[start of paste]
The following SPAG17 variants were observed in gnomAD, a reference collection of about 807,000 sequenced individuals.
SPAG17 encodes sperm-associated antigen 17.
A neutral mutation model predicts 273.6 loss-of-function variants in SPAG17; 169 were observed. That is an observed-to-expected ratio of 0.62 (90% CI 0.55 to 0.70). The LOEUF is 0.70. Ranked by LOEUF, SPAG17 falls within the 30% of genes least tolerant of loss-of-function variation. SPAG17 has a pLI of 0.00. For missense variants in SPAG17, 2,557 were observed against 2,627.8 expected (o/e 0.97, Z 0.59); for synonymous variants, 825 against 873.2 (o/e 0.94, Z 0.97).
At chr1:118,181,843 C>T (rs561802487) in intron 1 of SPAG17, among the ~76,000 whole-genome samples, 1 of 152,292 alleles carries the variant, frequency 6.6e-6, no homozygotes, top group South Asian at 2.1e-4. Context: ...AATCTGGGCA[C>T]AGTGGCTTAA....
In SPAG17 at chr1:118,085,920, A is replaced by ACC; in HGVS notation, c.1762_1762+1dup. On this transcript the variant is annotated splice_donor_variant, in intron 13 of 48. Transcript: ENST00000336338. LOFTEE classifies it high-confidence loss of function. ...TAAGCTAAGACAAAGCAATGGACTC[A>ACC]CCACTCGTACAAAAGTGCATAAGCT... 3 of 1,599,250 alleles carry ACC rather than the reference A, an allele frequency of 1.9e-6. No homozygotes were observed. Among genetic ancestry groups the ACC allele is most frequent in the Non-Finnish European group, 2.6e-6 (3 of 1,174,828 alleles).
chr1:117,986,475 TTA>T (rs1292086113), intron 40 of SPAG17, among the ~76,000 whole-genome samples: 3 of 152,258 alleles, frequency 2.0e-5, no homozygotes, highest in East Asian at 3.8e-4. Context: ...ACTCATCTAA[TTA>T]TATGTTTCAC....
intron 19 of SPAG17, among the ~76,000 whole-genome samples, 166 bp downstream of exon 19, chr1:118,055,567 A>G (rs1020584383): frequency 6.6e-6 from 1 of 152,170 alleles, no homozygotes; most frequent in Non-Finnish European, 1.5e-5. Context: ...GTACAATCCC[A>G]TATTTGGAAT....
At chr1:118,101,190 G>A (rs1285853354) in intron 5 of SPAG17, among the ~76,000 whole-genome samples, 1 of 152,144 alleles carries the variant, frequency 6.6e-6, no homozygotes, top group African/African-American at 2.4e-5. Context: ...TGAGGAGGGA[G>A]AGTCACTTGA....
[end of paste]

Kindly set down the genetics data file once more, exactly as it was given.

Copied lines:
The following SPAG17 variants were observed in gnomAD, a reference collection of about 807,000 sequenced individuals.
SPAG17 encodes sperm-associated antigen 17.
A neutral mutation model predicts 273.6 loss-of-function variants in SPAG17; 169 were observed. That is an observed-to-expected ratio of 0.62 (90% CI 0.55 to 0.70). The LOEUF is 0.70. Ranked by LOEUF, SPAG17 falls within the 30% of genes least tolerant of loss-of-function variation. SPAG17 has a pLI of 0.00. For missense variants in SPAG17, 2,557 were observed against 2,627.8 expected (o/e 0.97, Z 0.59); for synonymous variants, 825 against 873.2 (o/e 0.94, Z 0.97).
At chr1:118,181,843 C>T (rs561802487) in intron 1 of SPAG17, among the ~76,000 whole-genome samples, 1 of 152,292 alleles carries the variant, frequency 6.6e-6, no homozygotes, top group South Asian at 2.1e-4. Context: ...AATCTGGGCA[C>T]AGTGGCTTAA....
In SPAG17 at chr1:118,085,920, A is replaced by ACC; in HGVS notation, c.1762_1762+1dup. On this transcript the variant is annotated splice_donor_variant, in intron 13 of 48. Transcript: ENST00000336338. LOFTEE classifies it high-confidence loss of function. ...TAAGCTAAGACAAAGCAATGGACTC[A>ACC]CCACTCGTACAAAAGTGCATAAGCT... 3 of 1,599,250 alleles carry ACC rather than the reference A, an allele frequency of 1.9e-6. No homozygotes were observed. Among genetic ancestry groups the ACC allele is most frequent in the Non-Finnish European group, 2.6e-6 (3 of 1,174,828 alleles).
chr1:117,986,475 TTA>T (rs1292086113), intron 40 of SPAG17, among the ~76,000 whole-genome samples: 3 of 152,258 alleles, frequency 2.0e-5, no homozygotes, highest in East Asian at 3.8e-4. Context: ...ACTCATCTAA[TTA>T]TATGTTTCAC....
intron 19 of SPAG17, among the ~76,000 whole-genome samples, 166 bp downstream of exon 19, chr1:118,055,567 A>G (rs1020584383): frequency 6.6e-6 from 1 of 152,170 alleles, no homozygotes; most frequent in Non-Finnish European, 1.5e-5. Context: ...GTACAATCCC[A>G]TATTTGGAAT....
At chr1:118,101,190 G>A (rs1285853354) in intron 5 of SPAG17, among the ~76,000 whole-genome samples, 1 of 152,144 alleles carries the variant, frequency 6.6e-6, no homozygotes, top group African/African-American at 2.4e-5. Context: ...TGAGGAGGGA[G>A]AGTCACTTGA....